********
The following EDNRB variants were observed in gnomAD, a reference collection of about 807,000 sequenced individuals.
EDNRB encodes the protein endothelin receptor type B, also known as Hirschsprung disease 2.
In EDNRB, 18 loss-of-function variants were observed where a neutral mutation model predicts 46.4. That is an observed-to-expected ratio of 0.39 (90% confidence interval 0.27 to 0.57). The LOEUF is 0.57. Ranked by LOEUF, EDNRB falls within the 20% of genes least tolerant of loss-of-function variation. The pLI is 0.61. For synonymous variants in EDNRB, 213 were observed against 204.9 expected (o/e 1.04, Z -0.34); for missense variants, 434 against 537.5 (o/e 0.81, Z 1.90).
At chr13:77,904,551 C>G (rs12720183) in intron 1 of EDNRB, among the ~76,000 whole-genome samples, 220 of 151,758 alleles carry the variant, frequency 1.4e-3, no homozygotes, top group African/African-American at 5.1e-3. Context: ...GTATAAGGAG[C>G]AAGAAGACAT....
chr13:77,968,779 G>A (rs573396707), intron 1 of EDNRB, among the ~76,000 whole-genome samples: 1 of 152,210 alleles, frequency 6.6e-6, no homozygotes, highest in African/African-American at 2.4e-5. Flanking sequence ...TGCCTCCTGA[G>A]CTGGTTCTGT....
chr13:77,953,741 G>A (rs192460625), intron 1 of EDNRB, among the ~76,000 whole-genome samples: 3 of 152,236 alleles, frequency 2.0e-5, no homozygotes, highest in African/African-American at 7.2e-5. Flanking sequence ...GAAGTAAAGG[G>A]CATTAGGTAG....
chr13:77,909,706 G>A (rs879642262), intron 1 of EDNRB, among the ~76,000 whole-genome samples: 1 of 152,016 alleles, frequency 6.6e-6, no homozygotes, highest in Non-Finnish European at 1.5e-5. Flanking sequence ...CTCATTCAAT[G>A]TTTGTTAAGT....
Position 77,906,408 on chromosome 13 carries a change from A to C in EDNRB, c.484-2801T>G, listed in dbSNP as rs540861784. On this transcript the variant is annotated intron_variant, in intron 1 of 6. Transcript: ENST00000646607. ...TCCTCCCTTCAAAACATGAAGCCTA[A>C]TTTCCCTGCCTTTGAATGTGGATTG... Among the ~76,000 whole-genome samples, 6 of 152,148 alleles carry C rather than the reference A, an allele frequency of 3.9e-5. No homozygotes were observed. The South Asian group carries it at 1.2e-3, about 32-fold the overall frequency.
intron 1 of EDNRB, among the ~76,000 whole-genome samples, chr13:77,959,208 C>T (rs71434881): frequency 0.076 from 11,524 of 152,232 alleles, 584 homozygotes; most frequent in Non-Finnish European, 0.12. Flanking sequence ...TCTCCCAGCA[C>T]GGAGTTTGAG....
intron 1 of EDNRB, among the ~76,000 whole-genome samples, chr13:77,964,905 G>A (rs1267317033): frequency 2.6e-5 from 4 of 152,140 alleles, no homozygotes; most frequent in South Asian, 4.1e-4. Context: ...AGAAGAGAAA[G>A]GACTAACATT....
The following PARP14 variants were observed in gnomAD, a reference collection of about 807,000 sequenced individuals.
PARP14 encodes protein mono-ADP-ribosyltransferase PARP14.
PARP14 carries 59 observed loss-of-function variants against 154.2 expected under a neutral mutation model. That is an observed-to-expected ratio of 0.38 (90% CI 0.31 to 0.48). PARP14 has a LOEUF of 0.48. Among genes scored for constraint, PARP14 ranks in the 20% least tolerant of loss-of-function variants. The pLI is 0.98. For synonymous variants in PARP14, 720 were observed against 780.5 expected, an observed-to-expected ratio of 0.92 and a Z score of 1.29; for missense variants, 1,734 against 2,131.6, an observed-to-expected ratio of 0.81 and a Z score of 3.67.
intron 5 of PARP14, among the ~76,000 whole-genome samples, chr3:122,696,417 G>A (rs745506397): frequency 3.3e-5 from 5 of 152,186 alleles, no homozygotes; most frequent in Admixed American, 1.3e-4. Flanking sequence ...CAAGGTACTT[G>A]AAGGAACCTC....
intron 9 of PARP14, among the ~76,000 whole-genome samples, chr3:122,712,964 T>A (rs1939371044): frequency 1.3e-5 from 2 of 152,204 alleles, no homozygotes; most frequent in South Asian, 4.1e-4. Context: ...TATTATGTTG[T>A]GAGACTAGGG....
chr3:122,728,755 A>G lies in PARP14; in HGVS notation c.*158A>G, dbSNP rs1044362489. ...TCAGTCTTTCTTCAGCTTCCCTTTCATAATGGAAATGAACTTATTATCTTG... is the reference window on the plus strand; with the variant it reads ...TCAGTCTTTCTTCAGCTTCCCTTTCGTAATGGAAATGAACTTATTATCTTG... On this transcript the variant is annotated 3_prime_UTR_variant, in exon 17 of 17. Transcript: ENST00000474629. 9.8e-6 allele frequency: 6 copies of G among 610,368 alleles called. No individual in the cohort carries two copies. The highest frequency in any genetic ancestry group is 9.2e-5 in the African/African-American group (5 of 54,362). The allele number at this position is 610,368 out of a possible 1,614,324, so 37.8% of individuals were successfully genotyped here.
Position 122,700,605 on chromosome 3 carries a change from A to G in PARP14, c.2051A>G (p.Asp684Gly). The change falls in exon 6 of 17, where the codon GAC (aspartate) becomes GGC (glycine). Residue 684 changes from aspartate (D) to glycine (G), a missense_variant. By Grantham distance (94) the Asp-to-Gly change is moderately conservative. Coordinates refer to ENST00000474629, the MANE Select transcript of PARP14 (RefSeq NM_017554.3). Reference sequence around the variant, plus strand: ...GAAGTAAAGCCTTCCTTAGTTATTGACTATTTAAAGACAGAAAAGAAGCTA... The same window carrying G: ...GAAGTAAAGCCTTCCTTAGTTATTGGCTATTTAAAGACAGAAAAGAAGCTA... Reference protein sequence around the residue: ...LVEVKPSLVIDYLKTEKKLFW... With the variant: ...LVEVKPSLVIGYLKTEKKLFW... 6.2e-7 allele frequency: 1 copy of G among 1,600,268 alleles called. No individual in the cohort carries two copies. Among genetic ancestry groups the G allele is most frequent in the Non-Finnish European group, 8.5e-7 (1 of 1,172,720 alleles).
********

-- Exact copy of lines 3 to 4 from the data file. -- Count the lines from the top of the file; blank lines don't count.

In EDNRB, 18 loss-of-function variants were observed where a neutral mutation model predicts 46.4. That is an observed-to-expected ratio of 0.39 (90% confidence interval 0.27 to 0.57). The LOEUF is 0.57. Ranked by LOEUF, EDNRB falls within the 20% of genes least tolerant of loss-of-function variation. The pLI is 0.61. For synonymous variants in EDNRB, 213 were observed against 204.9 expected (o/e 1.04, Z -0.34); for missense variants, 434 against 537.5 (o/e 0.81, Z 1.90).
At chr13:77,904,551 C>G (rs12720183) in intron 1 of EDNRB, among the ~76,000 whole-genome samples, 220 of 151,758 alleles carry the variant, frequency 1.4e-3, no homozygotes, top group African/African-American at 5.1e-3. Context: ...GTATAAGGAG[C>G]AAGAAGACAT....